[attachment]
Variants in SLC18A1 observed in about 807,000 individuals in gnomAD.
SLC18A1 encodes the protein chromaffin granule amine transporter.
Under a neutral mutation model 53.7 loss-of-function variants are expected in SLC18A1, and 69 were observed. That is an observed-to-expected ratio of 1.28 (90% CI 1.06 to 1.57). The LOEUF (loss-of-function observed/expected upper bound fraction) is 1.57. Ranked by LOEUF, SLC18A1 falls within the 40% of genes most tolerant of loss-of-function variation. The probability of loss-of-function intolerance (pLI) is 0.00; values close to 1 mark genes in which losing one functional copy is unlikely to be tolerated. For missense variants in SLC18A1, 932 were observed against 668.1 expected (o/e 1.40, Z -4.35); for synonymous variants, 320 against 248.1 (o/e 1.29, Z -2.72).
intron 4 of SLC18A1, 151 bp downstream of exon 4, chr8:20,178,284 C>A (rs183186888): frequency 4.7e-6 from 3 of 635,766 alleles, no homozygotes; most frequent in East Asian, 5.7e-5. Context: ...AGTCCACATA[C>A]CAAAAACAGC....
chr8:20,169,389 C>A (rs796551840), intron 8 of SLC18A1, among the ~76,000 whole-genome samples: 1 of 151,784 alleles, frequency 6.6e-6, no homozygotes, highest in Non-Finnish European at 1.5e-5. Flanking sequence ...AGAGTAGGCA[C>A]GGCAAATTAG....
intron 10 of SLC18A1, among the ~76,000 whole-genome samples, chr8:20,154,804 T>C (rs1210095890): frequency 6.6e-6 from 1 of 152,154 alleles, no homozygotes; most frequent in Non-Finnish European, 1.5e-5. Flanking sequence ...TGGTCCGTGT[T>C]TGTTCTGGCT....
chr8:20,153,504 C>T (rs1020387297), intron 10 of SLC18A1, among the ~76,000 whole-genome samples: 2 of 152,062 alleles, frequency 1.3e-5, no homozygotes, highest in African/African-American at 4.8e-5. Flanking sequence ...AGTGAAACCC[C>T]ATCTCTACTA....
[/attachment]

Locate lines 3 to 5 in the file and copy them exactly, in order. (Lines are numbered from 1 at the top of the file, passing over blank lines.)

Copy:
Under a neutral mutation model 53.7 loss-of-function variants are expected in SLC18A1, and 69 were observed. That is an observed-to-expected ratio of 1.28 (90% CI 1.06 to 1.57). The LOEUF (loss-of-function observed/expected upper bound fraction) is 1.57. Ranked by LOEUF, SLC18A1 falls within the 40% of genes most tolerant of loss-of-function variation. The probability of loss-of-function intolerance (pLI) is 0.00; values close to 1 mark genes in which losing one functional copy is unlikely to be tolerated. For missense variants in SLC18A1, 932 were observed against 668.1 expected (o/e 1.40, Z -4.35); for synonymous variants, 320 against 248.1 (o/e 1.29, Z -2.72).
intron 4 of SLC18A1, 151 bp downstream of exon 4, chr8:20,178,284 C>A (rs183186888): frequency 4.7e-6 from 3 of 635,766 alleles, no homozygotes; most frequent in East Asian, 5.7e-5. Context: ...AGTCCACATA[C>A]CAAAAACAGC....
chr8:20,169,389 C>A (rs796551840), intron 8 of SLC18A1, among the ~76,000 whole-genome samples: 1 of 151,784 alleles, frequency 6.6e-6, no homozygotes, highest in Non-Finnish European at 1.5e-5. Flanking sequence ...AGAGTAGGCA[C>A]GGCAAATTAG....